Leading the Curated Healthcare IT Life

Craig Joseph, MD
By: Craig Joseph, MD
Date: October 16, 2018

I’ve been thinking and reading a lot about curation recently. By curation I mean allowing experts to make decisions for those of us who are not experts. My first experience with curation happened four or five years ago. I walked into an optical store with my wife to look for some new frames. My vision is so poor that when I don’t have my prescription glasses on, I can’t really see much of anything at all. So, you can imagine how helpless I am when I take off my glasses to put on a pair of frames with no lenses. Sure, I can look at the mirror from an inch away and maybe have an opinion, but c’mon! That’s not very effective. Hence, I typically just put myself in the hands of my wife.

At this particular optical store, the manager who was helping me seemed very . . . opinionated. He asked about my style, and when I told him I didn’t have a style, he was ecstatic. My wife has a style. My kids even have styles. But me? Not so much. A minute or two later, I found that my wife and the store manager were talking about me as if I wasn’t even there. “Do you like these on him? No, not with that forehead. What about this pair? Too big for his face, and that color accentuates his pallor: no way!” At first, I was offended. What’s wrong with my forehead? And I am not pale. Ok, I’m not that pale. But I grew to appreciate the fact that some experts (at least one expert) was apparently going to make a decision that I wasn’t very good at making myself.

I’ve always chosen my own glasses. I never been particularly good at it, and I’ve not particularly cared about how frames affected people’s opinions of my forehead. It was sort of nice to have someone else make the decision for me. And when I started getting compliments about my glasses, well, that was just icing on the cake. The expert who curated my frame selection did a much better job at something that I didn’t care much about nor knew much about.

In a recent article in the Wall Street Journal, I read about a startup fashion company called Wardrobe.nyc. Here’s a snippet from the article:

Ordering through Wardrobe.nyc’s website is a rigid process – four or eight pieces, your sizes, boom. The only other choice the company offers is between black and white T-shirts. Want just one piece? Sorry. Want it in navy blue? Nope.

. . . Something about Wardrobe.nyc [is appealing]: its strictness and severity, its self-assuredness in a moment when most companies are telling customers they can have anything they want. Walking into a retail store in 2018 means getting hit by an avalanche of options – hundreds of patterns, colors, and sizes. Want to design your own sneakers? Car interior? iPhone case? No problem.

Wardrobe.nyc isn’t doing that. It’s saying: This is what’s important. We know what you need. (emphasis added)

How does this relate to the world of healthcare IT and electronic health records (EHRs)? I bet if you’re a practicing clinician who uses an EHR every day, you know where I’m going already. I’m making a plea for EHR curation. And a strict curation at that!

Doctors might say that they want the EHR to work for them. They want to tweak this color, and that font, and those order sets. They want it just so. But deep down, very deep in their psyches, they know. Oh, they realize that while they are experts in practicing medicine, they are most likely not experts in configuring the EHR. And they know that the EHR has lots of options for them to “personalize” the buttons and orders and documentation tools, but who can remember how to do it? And further, who can tell them which options really make a difference?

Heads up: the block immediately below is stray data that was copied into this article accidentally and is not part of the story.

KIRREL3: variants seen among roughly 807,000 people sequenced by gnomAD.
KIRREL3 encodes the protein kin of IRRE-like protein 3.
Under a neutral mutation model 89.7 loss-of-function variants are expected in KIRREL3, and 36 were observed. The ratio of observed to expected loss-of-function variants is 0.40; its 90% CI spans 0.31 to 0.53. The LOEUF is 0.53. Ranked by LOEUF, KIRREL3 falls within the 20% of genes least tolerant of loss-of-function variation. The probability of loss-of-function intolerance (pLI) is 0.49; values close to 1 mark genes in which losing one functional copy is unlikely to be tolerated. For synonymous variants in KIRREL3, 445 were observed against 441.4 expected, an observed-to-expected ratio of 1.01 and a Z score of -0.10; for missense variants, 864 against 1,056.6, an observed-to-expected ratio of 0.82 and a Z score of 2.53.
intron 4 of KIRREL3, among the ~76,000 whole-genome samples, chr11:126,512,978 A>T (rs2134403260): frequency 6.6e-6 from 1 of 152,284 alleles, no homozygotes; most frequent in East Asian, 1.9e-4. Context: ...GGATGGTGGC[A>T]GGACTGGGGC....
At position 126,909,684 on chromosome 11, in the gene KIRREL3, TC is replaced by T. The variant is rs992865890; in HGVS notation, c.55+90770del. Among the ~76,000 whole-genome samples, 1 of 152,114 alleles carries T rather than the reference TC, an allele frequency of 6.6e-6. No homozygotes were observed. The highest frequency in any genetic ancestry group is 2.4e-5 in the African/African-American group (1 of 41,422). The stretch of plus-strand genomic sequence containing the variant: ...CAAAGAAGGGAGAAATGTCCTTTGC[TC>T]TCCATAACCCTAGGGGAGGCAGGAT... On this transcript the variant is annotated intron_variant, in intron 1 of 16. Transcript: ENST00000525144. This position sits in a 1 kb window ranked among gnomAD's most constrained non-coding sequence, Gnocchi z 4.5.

I’m telling you, dear reader: doctors want us IT folks to tell them how to use the EHR. They need us to tell them. Don’t ask many questions. Don’t ask any questions at all if you can get away with it. Just tell them. An example: how do you admit a patient?

  • Good answer: do this, then that, go here, check over there.
  • Bad answer: Well, it depends on the patient, doesn’t it? If you think the patient is going to just be observation, it’s somewhat faster to click over here because you don’t have to have the admission order, technically. And if the patient is going to the unit, it’s best to skip the problem list reconciliation because most of the time, you don’t really know what’s wrong with them anyway at the beginning. Did you say the patient was a kiddo? In that case . . .

Clinicians need someone to tell us how to do the things we need to do to care for the patient in front of us. And we will listen. But . . .

I failed to mention a key aspect of Wardrobe.nyc’s offering. Not only are choices virtually non-existent, but it’s sort of pricey. And by “sort of pricey” I mean: an eight-piece set of clothing costs $3,000. As the article notes, you can get eight similar pieces at the Gap for maybe $300. At Wardrobe.nyc, the founders have decades of experience in the fashion industry. They choose top-quality fabric; they determine every feature of the clothing; they have the clothes made in Italy. The quality is apparent and obvious.

In the healthcare IT world, if you’re not an expert in physician workflows, don’t curate for physicians. We’ll do what you tell us to do if and only if it becomes immediately obvious to us that you know more than we do. Am I saying that only a pediatric neurosurgeon can help configure and personalize the EHR for another pediatric neurosurgeon? No way. I’m saying that you better understand surgical workflows (pre-op, inter-op, PACU, SICU, floor) and you better be able to explain why a child isn’t just a short version of an adult. If you can do these things, you’re likely good to go.

Have you had someone curate part of your personal or professional life? Tell me how it worked out.

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